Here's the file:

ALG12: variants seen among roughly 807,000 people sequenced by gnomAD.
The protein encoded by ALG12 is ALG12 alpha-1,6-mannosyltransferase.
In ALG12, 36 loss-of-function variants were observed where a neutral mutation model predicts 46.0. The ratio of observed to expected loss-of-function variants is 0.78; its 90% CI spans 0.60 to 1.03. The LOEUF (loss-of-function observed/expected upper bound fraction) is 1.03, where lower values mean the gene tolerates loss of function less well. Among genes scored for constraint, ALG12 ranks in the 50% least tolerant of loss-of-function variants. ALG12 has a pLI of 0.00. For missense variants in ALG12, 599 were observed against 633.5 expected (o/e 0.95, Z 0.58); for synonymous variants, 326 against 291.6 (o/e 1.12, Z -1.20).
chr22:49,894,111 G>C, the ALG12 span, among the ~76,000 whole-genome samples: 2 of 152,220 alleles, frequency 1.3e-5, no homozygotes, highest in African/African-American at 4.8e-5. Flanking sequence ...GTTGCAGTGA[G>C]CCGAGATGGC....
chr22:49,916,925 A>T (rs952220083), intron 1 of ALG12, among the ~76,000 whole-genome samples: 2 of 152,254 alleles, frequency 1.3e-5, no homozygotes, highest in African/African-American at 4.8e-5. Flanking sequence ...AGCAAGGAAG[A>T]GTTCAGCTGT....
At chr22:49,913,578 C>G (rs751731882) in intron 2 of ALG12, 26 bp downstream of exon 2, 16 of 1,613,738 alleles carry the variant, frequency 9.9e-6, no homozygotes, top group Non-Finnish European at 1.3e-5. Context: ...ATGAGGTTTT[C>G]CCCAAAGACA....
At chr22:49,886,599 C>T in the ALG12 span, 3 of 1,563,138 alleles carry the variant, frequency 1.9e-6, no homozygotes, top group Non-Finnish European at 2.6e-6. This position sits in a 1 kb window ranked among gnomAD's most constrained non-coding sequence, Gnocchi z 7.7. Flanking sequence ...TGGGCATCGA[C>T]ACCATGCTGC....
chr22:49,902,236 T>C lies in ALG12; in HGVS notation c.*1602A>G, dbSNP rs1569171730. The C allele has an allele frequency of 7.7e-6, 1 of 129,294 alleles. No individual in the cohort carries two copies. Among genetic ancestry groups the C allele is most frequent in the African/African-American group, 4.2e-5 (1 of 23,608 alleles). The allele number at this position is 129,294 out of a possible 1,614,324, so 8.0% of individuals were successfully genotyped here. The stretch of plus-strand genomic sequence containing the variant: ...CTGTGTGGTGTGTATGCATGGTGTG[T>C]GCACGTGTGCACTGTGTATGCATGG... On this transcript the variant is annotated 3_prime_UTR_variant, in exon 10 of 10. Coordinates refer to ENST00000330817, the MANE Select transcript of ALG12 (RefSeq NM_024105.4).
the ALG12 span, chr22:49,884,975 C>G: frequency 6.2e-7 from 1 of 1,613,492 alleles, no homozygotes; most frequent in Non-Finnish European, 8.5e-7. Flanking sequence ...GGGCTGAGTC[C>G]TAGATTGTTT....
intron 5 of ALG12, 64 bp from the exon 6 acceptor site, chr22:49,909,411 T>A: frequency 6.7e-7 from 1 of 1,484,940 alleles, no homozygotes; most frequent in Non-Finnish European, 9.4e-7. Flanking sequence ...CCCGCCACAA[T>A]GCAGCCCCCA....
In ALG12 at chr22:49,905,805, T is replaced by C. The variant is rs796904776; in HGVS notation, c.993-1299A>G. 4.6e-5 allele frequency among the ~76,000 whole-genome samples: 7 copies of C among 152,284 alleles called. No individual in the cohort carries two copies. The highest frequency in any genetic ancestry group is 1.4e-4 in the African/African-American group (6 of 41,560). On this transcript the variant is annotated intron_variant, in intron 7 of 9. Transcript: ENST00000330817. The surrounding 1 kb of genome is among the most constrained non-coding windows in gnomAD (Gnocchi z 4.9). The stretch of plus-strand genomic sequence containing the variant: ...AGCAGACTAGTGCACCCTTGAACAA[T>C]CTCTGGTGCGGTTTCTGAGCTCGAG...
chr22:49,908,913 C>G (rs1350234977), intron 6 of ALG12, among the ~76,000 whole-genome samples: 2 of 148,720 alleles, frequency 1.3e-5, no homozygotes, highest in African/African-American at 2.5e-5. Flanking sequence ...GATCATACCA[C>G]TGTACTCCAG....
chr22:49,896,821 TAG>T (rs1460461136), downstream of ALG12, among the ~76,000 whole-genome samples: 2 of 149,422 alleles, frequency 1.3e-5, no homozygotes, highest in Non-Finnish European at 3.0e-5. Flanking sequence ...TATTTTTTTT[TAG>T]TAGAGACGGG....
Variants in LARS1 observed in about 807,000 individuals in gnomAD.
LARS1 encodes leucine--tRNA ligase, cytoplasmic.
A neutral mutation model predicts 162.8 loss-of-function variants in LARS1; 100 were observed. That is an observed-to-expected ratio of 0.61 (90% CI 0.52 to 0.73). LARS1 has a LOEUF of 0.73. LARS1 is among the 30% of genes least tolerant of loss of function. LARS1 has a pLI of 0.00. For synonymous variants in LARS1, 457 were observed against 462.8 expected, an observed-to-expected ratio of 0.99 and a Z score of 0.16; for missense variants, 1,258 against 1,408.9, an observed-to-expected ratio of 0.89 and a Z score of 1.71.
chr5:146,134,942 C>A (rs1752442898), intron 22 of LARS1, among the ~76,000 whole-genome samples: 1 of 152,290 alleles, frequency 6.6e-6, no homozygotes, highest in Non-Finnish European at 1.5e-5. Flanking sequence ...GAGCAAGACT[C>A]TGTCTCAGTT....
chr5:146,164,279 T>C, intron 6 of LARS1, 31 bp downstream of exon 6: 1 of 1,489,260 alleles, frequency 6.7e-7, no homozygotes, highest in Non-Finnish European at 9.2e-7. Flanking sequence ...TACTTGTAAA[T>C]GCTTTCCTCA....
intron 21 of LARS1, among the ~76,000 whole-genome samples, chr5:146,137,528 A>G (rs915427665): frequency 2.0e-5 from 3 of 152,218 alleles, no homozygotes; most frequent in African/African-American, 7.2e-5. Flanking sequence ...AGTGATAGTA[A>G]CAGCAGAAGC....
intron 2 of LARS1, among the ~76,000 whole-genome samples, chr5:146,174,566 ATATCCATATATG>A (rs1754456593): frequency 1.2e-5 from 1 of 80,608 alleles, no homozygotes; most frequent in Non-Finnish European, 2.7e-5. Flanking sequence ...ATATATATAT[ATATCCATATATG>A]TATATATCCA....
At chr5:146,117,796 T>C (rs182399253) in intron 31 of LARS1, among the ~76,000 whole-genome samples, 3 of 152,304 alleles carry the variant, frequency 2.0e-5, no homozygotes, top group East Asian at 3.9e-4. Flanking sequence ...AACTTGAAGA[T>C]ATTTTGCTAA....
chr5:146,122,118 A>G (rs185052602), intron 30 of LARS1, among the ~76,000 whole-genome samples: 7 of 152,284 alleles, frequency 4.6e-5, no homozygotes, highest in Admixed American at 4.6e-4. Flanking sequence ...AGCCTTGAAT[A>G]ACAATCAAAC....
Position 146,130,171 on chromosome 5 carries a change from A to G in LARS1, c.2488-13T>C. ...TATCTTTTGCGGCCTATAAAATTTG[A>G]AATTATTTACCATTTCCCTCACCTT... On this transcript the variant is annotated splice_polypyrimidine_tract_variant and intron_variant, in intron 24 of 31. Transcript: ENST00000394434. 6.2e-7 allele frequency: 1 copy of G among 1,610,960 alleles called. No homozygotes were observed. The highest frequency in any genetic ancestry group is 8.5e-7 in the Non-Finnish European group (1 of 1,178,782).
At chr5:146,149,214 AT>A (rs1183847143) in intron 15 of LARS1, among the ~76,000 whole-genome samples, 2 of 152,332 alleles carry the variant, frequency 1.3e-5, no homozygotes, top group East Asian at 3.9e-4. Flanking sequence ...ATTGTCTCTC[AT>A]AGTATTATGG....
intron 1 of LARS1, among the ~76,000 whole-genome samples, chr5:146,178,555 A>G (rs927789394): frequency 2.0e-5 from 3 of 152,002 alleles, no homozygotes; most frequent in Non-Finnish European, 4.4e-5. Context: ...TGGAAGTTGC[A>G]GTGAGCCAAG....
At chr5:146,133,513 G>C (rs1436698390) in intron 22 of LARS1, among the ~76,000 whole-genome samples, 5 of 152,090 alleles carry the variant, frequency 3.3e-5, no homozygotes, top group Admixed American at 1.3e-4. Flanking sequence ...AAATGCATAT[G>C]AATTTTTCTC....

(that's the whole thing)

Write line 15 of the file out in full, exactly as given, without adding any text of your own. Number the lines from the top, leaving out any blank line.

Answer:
LARS1 encodes leucine--tRNA ligase, cytoplasmic.